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Thirty Attitudes to End of the School Year Positively!

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1. Be moderate in your approach. You do not have to be the world’s best teacher all the time. You just have to be a very good one.

2. Spend your energy on large problems first and allot less of your energy for the small ones. Choose to deal with the problems that will give you the greatest benefit right away.

3. Problems can move you forward when you choose to work to solve them. Use your creative strengths to make your classroom well-disciplined and productive.

4. Make room for more emotional energy. Ask for help when you have a problem.

5. Learn to see problems as challenges that you can overcome.

6. Don’t underestimate your students. They are capable of much more than you think they are.

7. Avoid negative people. Better yet, try not to be one of those negative people you are supposed to avoid.

8. Being optimistic doesn’t mean that you don’t have problems. A positive attitude means that you are working on a solution.

9. Make sure you have something fun to look forward to. Reward yourself when you achieve a goal.

10. You don’t teach a class. You teach complex, living, breathing people.

11. Cherish your students. Even the worst-behaved ones have redeeming qualities.

12. Carpe Diem! When a teachable moment comes along, TEACH!

13. Don’t forget that small attitude changes often create bigger patterns of success. What small attitude change can you make today?

14. When a task seems impossible, remind yourself of the teachers who made a difference in your life. You can do the same for your students.

15. The fun you have goofing around during your planning period is equal to the misery you’ll experience trying to catch up later.

16. Be proactive! Plan what you are going to do if…

17. Discard something you’re doing that is not productive. Figure out how to do just one thing more efficiently.

18. Practice deep breathing. You’ll be glad you know how to calm yourself when a student is defiant, disrespectful, or just cranky.

19. Make it your goal that every student will leave your class with a positive attitude every day.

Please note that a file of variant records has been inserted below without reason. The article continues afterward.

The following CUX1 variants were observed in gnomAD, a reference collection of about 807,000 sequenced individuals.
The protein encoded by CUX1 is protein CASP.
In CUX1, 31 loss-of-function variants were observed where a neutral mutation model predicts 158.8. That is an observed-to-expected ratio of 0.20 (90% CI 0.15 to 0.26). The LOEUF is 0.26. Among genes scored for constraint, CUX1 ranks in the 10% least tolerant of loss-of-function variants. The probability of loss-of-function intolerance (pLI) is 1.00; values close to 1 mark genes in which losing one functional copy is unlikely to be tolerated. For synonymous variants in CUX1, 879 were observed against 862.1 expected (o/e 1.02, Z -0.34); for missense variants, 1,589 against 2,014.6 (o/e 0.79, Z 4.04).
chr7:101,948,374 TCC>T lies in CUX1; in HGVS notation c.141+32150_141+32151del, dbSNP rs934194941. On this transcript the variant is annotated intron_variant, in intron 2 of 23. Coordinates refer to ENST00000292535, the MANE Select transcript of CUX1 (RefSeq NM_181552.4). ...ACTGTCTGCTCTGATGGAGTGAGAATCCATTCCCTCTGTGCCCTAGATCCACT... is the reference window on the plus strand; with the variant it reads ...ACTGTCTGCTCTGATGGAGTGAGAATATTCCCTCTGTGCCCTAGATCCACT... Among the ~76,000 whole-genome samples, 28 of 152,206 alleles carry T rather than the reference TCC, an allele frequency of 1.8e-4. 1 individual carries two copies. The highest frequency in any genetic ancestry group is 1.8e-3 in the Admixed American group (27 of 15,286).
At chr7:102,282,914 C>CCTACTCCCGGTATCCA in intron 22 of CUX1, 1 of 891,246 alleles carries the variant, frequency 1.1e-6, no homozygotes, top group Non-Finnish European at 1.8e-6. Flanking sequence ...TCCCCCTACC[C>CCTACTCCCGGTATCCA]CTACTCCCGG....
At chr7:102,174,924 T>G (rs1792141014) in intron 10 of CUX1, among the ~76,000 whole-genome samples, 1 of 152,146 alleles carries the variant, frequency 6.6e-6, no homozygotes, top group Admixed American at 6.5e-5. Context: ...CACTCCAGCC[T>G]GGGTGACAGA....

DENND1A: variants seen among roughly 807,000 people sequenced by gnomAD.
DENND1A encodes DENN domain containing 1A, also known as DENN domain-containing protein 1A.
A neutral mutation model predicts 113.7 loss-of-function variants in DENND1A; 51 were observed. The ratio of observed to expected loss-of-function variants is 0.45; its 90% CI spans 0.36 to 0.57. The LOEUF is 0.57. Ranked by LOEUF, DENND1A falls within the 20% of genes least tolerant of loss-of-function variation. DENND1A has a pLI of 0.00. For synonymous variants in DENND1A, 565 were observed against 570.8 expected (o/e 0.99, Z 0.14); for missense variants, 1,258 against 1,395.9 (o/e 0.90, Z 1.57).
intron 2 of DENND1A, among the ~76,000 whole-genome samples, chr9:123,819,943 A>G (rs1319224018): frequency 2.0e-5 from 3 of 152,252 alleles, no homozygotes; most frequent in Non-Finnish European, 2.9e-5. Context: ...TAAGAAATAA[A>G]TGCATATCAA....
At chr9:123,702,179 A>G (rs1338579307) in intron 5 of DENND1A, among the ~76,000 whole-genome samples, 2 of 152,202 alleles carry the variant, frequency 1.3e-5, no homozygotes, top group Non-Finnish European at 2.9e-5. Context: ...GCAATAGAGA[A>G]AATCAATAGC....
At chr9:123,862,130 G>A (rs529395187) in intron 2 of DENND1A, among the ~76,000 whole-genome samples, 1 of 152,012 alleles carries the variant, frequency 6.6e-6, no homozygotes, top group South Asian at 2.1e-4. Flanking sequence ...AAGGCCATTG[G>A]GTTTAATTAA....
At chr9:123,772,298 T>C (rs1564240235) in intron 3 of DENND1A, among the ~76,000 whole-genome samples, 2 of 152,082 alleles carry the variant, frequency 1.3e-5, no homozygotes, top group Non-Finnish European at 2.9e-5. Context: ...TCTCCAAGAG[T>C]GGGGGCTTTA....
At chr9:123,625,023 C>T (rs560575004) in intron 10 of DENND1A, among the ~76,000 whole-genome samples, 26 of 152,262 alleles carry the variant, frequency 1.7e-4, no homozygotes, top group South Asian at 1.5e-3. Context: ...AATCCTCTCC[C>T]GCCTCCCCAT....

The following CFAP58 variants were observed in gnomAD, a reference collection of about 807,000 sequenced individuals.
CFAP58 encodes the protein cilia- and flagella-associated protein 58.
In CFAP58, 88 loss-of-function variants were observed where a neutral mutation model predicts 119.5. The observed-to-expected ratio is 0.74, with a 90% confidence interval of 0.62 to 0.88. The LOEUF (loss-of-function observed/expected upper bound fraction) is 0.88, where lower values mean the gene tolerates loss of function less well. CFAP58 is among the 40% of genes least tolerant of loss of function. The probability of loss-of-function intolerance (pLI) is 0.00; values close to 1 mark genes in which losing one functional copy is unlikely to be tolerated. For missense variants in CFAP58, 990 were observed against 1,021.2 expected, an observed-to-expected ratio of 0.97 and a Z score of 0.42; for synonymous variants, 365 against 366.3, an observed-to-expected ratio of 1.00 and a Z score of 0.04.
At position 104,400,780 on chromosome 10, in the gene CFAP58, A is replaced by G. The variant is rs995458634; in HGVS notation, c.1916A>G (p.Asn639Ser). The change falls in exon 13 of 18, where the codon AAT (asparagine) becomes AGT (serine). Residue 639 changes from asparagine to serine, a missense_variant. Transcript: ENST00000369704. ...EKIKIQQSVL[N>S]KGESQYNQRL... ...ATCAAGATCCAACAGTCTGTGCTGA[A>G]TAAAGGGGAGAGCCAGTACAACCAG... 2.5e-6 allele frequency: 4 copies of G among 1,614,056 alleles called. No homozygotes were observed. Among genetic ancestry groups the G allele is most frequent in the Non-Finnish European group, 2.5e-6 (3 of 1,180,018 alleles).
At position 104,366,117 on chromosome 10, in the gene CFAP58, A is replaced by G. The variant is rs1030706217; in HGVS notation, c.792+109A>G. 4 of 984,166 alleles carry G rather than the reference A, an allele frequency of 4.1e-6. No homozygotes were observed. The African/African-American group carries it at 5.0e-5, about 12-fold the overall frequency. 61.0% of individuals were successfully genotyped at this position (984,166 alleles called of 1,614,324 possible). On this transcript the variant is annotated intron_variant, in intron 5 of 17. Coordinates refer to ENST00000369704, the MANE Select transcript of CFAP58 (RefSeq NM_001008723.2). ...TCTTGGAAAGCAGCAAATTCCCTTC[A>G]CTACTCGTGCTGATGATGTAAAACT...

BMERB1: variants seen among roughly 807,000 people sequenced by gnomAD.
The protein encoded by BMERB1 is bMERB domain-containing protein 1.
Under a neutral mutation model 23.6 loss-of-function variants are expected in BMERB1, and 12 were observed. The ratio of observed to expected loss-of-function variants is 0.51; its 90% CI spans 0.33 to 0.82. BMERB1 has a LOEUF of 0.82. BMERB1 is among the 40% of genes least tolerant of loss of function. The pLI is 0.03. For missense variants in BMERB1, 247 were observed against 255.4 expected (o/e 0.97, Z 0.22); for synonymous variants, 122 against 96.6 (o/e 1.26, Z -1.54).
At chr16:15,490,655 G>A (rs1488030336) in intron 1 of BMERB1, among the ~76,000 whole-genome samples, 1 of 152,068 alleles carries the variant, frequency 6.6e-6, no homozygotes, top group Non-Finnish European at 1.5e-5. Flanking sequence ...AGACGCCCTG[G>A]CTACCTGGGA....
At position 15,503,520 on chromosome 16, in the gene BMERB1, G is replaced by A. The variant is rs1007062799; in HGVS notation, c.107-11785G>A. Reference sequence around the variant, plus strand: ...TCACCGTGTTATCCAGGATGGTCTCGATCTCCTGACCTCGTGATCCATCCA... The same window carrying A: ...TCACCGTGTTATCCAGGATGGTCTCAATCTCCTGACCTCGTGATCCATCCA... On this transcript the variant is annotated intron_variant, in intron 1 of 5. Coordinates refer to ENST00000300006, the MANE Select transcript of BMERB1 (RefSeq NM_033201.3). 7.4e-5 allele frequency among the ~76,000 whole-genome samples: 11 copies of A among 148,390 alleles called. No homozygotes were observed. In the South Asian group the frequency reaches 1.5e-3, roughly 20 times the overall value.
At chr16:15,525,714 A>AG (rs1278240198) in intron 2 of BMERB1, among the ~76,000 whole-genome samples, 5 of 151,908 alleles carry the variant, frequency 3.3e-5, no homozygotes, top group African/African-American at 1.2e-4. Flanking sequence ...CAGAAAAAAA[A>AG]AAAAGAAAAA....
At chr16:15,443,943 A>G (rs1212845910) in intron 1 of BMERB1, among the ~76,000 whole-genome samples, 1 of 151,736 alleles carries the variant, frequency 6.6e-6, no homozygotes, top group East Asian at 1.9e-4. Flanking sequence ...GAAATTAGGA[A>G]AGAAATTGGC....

20. Use your strengths. Focus on your positive attributes to maximize the potential for success in your classroom.

21. Keep things in perspective. Ask yourself if the problems you have today will be important next year.

22. Talk less and listen more to your students.

23. Change the pace. Try three new activities this week.

24. Break large tasks into small, manageable ones.

25. Plan to ignore the small stuff.

26. Get to work a little early and stay a little late.

27. Stop trying to rely on your memory! You have too much to do to recall everything. Write it down in an organized fashion.

28. Be sure to plan for the last few minutes of class.

29. Empower your students by designing assignments that allow for limited student options. Give them innocuous choices such as the even or odd problems, essay topics, group tasks, or the best day to take a test.

30. You probably need to model more for your students. Most teachers do. And don’t forget to show them what you don’t want them to do, also.

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Julia G. Thompson received her BA in English from Virginia Polytechnic Institute and State University in Blacksburg. She has been a teacher in the public schools of Virginia, Arizona, and North Carolina for more than thirty-five years. Thompson currently teaches in Fairfax County, Virginia, where she is an active speaker and consultant. Author of Discipline Survival Guide for the Secondary Teacher, First-Year Teacher’s Checklist, The First-Year Teacher’s Survival Guide, and The First-Year Teacher’s Survival Guide Professional Development Training Kit, Thompson also provides advice on a variety of subjects through her Web site, www.juliagthompson.com; on her blog, juliagthompson.blogspot.com; and on Twitter at https://twitter.com/TeacherAdvice. Her online course, Survival Skills for New Teachers, will be available at https://youtu.be/Aq2aSpne0aQ .
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Guest Thursday, 27 October 2016